Phil: Let's live here! (Kisses Rita) We'll rent, to start.
The film's ending was left to a vote
Murray is said to have put his foot down before shooting the film's final scene. He needed to know what he was wearing before he embarked on his last celluloid interaction with costar Andie MacDowell, according to "Groundhog Day" castmate Stephen Tobolowsky. Was he dressed in the same clothes as the night before? Or are he and MacDowell depicting a passionate night, waking up in the buff? Ramis hadn't thought it through, so he canvassed the film crew. The result was a tie vote.
"Then one girl in the movie—it was her first film—she was assistant set director. She raised her hand and said, 'He is absolutely wearing the clothes he wore the night before. If he is not wearing the clothes he wore the night before, it will ruin the movie. That's my vote.' So Harold Ramis said, 'Then that's what we are going to do." I've never told anybody that behind-the-scenes story, so keep that a secret now," Tobolowsky said in 2010.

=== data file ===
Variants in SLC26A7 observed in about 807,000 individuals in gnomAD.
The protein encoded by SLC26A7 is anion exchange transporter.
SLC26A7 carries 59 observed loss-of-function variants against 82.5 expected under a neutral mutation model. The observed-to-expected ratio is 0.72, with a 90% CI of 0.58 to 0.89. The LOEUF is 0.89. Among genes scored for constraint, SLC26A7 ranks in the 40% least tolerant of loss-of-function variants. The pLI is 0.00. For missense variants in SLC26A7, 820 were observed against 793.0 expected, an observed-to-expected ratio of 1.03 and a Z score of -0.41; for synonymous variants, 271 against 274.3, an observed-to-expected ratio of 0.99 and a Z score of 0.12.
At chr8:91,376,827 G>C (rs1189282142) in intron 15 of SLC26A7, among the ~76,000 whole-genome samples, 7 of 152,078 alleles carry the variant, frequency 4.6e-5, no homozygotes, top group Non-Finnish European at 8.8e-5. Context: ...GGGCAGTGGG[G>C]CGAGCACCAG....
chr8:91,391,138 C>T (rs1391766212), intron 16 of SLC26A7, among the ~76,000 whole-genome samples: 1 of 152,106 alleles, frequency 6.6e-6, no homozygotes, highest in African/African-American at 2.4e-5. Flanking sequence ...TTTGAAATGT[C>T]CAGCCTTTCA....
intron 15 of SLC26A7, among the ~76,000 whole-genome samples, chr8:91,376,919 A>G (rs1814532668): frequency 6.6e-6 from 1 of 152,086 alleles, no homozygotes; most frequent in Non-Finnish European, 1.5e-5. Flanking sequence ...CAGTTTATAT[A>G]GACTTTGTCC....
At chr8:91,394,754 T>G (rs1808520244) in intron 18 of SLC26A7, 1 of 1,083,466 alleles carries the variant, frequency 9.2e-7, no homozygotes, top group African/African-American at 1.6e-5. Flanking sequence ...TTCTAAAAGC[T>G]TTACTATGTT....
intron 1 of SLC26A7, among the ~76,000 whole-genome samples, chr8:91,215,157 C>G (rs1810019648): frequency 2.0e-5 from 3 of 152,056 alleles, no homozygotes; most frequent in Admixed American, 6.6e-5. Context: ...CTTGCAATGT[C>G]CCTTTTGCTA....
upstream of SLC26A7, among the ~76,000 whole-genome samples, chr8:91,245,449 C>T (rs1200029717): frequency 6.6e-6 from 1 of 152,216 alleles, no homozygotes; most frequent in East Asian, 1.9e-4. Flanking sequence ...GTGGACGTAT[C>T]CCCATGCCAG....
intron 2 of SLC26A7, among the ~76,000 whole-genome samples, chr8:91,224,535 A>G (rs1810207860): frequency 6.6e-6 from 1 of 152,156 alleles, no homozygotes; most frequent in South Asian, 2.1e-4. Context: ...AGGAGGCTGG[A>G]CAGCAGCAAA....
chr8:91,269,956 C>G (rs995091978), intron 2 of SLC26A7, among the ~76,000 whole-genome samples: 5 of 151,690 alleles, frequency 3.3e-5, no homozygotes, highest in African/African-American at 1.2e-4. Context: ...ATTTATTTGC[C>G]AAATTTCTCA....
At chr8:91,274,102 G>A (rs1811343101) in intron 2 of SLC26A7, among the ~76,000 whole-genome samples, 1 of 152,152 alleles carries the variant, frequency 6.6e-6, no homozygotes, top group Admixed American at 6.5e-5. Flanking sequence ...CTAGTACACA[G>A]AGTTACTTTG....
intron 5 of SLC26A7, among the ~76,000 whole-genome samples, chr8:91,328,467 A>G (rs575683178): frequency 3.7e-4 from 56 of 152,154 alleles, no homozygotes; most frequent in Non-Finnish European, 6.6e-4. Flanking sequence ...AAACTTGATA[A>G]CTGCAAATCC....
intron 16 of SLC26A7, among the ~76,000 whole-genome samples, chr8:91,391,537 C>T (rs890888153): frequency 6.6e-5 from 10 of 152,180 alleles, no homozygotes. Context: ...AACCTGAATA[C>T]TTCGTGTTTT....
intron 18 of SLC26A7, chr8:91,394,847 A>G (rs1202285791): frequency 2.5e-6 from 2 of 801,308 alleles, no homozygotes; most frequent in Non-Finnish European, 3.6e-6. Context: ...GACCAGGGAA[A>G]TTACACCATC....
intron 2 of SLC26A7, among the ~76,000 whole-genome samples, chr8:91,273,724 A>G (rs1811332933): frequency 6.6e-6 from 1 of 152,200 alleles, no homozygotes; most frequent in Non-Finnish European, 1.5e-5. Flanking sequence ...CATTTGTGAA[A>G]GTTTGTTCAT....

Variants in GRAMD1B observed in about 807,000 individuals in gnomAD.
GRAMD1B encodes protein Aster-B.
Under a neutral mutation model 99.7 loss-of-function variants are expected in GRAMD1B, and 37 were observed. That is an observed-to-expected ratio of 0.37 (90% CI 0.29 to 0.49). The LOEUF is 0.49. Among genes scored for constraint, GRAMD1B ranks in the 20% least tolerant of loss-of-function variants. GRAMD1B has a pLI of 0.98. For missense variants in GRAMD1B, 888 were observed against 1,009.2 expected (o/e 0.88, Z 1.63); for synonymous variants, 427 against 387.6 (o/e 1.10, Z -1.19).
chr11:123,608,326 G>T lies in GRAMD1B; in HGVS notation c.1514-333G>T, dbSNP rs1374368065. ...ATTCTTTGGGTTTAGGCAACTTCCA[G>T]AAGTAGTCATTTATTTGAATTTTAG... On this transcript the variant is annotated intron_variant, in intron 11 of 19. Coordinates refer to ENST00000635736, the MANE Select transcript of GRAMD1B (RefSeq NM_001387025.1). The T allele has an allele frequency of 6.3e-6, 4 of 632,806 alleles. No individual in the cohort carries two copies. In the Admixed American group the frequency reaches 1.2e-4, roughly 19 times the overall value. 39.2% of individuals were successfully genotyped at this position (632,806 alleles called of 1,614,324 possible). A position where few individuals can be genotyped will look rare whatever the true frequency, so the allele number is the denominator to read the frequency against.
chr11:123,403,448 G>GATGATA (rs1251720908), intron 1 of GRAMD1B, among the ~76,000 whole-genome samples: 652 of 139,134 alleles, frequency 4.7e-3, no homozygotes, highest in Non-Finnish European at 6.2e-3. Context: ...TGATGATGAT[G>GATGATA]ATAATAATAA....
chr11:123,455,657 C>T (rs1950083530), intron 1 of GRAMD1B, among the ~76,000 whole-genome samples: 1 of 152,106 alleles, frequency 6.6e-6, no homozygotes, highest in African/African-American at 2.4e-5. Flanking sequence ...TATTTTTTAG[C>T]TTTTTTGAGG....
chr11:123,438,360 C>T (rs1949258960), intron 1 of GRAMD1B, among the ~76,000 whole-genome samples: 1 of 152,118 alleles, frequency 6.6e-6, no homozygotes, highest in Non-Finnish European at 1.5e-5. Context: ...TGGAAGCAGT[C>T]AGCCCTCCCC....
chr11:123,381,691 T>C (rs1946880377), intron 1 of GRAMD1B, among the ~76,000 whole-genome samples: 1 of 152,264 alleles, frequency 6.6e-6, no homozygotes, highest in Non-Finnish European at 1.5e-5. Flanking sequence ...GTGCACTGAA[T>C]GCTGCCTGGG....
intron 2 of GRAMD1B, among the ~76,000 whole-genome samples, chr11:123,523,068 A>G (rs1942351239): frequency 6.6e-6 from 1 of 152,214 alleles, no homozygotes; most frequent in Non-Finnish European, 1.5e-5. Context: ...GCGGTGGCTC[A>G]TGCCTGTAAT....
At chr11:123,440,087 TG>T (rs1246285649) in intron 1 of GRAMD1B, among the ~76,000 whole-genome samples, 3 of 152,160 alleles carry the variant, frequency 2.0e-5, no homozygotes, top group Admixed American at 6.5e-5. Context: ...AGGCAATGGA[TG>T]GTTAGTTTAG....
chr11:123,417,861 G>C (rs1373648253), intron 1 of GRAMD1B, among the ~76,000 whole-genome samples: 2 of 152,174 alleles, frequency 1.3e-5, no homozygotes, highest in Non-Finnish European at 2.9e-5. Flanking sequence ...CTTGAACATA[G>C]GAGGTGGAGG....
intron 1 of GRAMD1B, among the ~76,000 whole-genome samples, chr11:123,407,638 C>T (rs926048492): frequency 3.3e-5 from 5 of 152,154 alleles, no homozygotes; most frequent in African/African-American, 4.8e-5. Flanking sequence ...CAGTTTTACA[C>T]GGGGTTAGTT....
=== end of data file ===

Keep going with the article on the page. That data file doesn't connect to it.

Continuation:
Its philosophical implications
"There's an element of truth to the fact that we are repeating the same day over and over again," Rubin has said. Indeed, the film has been embraced by various philosophical and religious thinkers. "Everybody seems to bring their own way of thinking and their own discipline to bear on the ideas within it and would express this is absolutely describing the essence of Judaism. This is the essence of Nietzsche’s philosophy," said Rubin. "I think the movie shows that it is the repetition of days itself which pushes us forward in our own maturation as we start to encounter the same things over and over again."